At 13, teens in Washington can refuse mental health treatment even if suicidal; parents fighting to change rulesOctober 11, 2018
SEATTLE — Teen suicides continue to be an epidemic in Washington state. On average, more than 100 teens die by suicide every year and for many families seeking treatment some of the rules are hurting more than helping.
“At 15 and a half, my daughter was suicidal and she would not go to counseling; she felt hopeless,” Mary Hart said.
As a mother, Hart felt helpless.
“It was hard to get through to her because she was so depressed,” Hart said.
And the law was Read More
(Illustration by Gabriel Campanario / The Seattle Times)
We set out to answer the second most-popular question submitted to Ask Project Homeless. It sounds simple, but it’s not, because different people need — and will accept — different services. Here are some of the dollar figures.
What would it cost to help each homeless person? That’s what Matt Senft wants to know.
Anthony Bourdain, celebrated TV chef and world traveler, took his life earlier this year, just weeks before his 62nd birthday. To some, Bourdain was the image of success and satisfaction. He visited exotic locations, enjoyed rare and delicious foods, kept celebrity friends and spoke his mind with a refreshing frankness. But underneath the surface, things were not as glamorous as they appeared.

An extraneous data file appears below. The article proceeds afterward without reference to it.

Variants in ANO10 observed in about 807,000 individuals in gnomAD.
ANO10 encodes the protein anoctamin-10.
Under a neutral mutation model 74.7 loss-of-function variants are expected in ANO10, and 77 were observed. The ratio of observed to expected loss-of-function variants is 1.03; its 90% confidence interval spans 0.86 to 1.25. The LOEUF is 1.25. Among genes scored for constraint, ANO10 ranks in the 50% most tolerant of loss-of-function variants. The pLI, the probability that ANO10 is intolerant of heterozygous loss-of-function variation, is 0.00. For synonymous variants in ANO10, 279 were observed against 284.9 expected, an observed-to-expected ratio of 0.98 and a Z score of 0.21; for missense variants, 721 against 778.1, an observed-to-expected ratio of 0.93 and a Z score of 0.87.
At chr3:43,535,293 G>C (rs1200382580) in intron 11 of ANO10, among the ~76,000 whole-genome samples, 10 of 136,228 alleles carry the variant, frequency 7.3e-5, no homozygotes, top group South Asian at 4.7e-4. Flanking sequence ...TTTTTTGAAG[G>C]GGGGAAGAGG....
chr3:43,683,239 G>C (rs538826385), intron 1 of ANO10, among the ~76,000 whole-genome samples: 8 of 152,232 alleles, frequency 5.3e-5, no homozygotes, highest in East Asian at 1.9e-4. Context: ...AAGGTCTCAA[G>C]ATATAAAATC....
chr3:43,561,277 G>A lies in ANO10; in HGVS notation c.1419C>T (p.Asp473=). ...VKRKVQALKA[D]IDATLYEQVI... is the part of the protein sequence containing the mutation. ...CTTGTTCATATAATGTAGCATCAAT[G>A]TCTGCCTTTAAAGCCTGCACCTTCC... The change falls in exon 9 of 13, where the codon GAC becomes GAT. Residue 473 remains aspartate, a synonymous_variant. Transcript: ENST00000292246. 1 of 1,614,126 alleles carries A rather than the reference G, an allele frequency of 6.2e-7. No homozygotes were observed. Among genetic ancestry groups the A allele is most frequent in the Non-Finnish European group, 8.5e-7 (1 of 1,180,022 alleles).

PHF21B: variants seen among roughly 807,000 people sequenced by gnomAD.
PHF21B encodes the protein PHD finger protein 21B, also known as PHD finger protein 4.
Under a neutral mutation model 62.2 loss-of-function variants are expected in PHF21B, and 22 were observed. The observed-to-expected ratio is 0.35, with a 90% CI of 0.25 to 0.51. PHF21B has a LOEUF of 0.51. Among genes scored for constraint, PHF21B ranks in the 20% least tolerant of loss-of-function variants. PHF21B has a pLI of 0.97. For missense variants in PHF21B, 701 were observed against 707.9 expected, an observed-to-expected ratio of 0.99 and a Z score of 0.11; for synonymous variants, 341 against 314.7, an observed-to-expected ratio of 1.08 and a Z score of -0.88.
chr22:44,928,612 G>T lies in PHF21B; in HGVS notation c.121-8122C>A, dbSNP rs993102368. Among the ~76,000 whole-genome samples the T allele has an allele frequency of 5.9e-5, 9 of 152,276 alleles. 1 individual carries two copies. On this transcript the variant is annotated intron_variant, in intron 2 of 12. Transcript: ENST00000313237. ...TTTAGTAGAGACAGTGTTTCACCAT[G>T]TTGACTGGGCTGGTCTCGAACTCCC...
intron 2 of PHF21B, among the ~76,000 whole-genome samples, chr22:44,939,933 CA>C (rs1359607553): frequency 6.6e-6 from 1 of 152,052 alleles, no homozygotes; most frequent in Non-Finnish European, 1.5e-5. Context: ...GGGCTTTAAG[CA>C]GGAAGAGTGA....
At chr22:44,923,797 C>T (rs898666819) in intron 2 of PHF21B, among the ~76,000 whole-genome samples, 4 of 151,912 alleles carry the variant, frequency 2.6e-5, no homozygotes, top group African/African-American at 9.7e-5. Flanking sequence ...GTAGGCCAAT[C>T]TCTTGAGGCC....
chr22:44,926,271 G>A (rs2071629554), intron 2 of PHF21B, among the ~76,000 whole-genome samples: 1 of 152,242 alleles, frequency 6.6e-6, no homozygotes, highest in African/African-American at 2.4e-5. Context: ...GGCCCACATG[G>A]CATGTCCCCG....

His death speaks volumes not only on the silent suffering those with suicidal ideation experience, but also on the Read More
In partnership with the Association for Community Affiliated Plans and other organizations, NAMI filed suit today to invalidate the federal short-term, limited duration (STLD) insurance plan rule issued last month by three federal agencies. The legal challenge seeks a temporary injunction against the recently issued STLD rule, which would expand the availability of plans that do not have to provide coverage for mental heatlh and substance use services or comply with mental health parity.
These short-term, limited duration Read More
August 24, 2018 | By Keiko Purnell
My last depressive episode left me completely isolated. I didn’t respond to messages for months. Since I didn’t know how long I would be depressed, answering the question “how are you?” became emotionally draining. Actually, that one question was why I stopped talking to people entirely.
“How are you?” is such a knee-jerk opening line to a conversation; most of us don’t even realize we’re saying it, or pay much attention to the typical response Read More
By Jonathan Berg
I was diagnosed with bipolar II disorder when I was 14. It has taken me decades to come to grips with what that means, and to be in a place where I’m comfortable talking openly about it. Nowadays, I’m really open, because I work as a travel blogger, connecting with people and places for a living. I actually started my career at a nonprofit office job, thinking that was what I wanted. But the traditional professional life was something Read More